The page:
Should the federal government be in the business of telling consumers what’s a good or bad college?

Last week the Obama administration announced an update to the U.S. Department of Education’s College Scorecard, its signature resource for helping consumers shop for a higher education.

Tucked into that announcement was a small, but pretty significant change that’s largely escaped public notice: a move beyond just giving people information about colleges like how much they cost or how much graduates eventually earn. They also want to, as they say, “consider other cautionary indicators that consumers should be aware of before deciding to enroll in an institution.”

In a sector that has an over-zealous fascination with nudges, this is anything but a small shift. To this point the scorecard’s represented yet one more iteration of federally-collected data repackaged in a consumer-friendly manner.

If this all seems eerily familiar, it is. Only two years ago the Department of Education and Obama administration tried rating colleges and got an absolute public shellackingfor it. In fact, after months of sustained grief the Department quietly caved and ended up creating the very scorecard we’re now talking about.

Someone at the Department’s clearly learned that it’s easier to ask forgiveness than permission. The screen grab on the left is from the Scorecard homepage on September 13th, 2016. On the right is the same page on September 14th. Have a look at the wording change.

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Not only is the new language horribly judgmental it’s also ridiculously imprecise. What, exactly, an “affordable” school or “good” outcome is means very different things to different people. And what the heck does “advance opportunities” even mean?

The government supposedly created a site like this because it believes consumers need trusted and reliable information amidst a sea of guidebooks, magazine rankings and hundreds of Internet sites. If there was a clear value-add they might be forgiven but dig into the actual links and the results are nothing short of confusing.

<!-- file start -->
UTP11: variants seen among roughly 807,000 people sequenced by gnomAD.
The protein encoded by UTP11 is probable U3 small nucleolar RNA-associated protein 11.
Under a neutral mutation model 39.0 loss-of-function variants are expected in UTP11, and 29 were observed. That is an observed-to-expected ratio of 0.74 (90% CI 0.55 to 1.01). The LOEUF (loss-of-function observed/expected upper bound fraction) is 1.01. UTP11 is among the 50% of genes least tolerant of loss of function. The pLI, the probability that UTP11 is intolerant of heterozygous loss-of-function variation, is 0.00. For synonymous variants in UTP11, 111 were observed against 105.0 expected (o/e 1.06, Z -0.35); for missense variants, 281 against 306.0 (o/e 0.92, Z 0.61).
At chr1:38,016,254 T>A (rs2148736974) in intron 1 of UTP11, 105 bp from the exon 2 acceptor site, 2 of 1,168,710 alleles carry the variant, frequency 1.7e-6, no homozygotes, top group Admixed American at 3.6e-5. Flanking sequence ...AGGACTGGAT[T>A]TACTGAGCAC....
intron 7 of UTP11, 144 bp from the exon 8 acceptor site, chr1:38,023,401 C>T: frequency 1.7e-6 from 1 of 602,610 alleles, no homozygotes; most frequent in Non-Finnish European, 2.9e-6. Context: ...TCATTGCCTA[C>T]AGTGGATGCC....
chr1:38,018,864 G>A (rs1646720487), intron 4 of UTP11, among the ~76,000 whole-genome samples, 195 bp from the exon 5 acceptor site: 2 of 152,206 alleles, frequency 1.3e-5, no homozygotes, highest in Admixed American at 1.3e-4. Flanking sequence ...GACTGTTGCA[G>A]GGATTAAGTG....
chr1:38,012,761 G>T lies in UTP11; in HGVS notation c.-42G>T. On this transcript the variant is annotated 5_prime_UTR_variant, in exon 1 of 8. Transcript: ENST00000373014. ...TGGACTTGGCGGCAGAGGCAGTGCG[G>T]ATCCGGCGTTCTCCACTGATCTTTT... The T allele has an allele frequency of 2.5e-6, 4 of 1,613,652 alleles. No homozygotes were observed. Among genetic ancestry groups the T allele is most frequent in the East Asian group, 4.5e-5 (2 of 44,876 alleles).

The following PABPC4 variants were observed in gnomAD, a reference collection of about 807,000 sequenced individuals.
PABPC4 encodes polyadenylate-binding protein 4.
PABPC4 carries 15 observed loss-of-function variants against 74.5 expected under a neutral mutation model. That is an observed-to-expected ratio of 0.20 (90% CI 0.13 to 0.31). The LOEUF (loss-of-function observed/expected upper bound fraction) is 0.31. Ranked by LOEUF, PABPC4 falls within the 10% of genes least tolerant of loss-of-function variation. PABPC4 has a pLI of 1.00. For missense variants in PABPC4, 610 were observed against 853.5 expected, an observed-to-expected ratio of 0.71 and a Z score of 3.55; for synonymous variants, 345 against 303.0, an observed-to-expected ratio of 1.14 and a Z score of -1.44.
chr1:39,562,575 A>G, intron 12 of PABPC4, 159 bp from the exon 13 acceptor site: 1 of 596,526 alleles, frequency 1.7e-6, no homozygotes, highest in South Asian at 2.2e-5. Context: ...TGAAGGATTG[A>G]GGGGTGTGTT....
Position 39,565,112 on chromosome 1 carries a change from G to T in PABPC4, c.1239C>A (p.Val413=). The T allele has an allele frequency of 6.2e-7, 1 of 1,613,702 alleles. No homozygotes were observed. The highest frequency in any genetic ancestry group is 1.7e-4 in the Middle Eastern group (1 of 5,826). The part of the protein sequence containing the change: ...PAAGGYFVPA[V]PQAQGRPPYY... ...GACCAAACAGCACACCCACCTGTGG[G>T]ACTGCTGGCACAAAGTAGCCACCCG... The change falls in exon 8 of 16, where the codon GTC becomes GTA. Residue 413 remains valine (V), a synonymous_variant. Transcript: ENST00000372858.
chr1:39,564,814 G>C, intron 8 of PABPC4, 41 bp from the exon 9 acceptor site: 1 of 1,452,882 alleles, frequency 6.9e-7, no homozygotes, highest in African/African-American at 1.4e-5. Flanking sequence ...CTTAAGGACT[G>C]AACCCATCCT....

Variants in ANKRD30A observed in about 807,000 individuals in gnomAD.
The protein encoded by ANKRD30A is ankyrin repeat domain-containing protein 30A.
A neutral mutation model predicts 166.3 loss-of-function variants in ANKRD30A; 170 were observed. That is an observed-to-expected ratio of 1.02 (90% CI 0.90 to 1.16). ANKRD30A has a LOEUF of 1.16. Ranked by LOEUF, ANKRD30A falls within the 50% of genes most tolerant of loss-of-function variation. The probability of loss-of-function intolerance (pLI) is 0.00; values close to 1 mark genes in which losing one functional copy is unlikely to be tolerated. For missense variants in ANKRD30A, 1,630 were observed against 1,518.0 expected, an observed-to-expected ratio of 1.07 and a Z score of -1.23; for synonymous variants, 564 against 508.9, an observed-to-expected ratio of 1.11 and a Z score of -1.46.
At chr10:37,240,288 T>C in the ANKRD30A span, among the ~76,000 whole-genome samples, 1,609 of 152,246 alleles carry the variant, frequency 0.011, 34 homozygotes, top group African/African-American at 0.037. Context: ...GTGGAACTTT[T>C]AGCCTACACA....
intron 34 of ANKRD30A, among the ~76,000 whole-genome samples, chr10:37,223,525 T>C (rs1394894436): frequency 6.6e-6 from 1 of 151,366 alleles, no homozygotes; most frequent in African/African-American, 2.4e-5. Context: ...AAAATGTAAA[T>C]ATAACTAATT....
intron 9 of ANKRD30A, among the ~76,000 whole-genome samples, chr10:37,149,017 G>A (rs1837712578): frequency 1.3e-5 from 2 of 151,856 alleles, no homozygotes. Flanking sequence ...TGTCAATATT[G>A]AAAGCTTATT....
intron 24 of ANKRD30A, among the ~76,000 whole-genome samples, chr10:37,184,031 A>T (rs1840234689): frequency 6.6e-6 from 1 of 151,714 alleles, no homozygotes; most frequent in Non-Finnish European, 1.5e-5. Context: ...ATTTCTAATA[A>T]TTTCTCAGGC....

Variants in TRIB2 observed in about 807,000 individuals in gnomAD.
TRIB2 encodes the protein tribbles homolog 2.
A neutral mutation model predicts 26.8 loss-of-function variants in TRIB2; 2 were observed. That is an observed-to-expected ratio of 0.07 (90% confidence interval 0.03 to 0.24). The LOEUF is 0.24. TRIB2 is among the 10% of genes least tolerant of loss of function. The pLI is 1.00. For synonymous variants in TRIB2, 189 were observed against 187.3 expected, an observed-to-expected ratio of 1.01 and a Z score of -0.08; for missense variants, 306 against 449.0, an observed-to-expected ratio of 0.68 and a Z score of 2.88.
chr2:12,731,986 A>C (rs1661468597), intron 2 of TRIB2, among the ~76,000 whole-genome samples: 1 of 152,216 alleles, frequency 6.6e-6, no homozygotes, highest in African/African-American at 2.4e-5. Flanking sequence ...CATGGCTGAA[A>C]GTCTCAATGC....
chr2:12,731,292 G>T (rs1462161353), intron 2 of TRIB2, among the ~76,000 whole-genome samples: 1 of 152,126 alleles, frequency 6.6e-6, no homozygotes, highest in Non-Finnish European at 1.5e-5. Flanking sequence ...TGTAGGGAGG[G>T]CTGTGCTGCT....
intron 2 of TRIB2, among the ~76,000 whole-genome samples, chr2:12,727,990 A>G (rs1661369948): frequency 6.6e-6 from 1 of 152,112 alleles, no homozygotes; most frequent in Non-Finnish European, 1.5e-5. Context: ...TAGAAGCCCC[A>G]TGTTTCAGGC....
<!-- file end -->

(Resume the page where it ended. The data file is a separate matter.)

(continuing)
How bad is it? Click through to the Four-Year Public Colleges with Low Costs and High Salaries page and the first thing you see is that it’s actually not four-year publics but a mix of public and private non-profits schools with more than 40 percent of enrollments as low-income students. Jump to the text after the school list and you get information about the calculation of repayment rates that aren’t even presented.

It gets worse. The very first institution someone sees is Agnes Scott College, a private college in Georgia, with an $18,517 net price tag (read: after grants and scholarships have been taken out). That’s about a $75,000 bill if a student actually finishes in four years. The typical payoff 10 years after graduating? A little less than $40,000 a year.

The Affordable Schools with Good Outcomes page is only marginally better. The median student only travels about 18 miles from home to attend college yet only 12 states make the list and fully half of the institutions are located in just three states (California, New York and Texas). For almost two-thirds of the college-going population, these institutional choices are effectively meaningless.

It’s easy to chalk things like this up to a new roll-out but the scorecard site isn’t new; it’s been around for an entire year. Changes and inconsistencies like these aren’t coding errors as much as they reflect poor quality control and ambiguous standards. They’ve been publicly live for a full week now.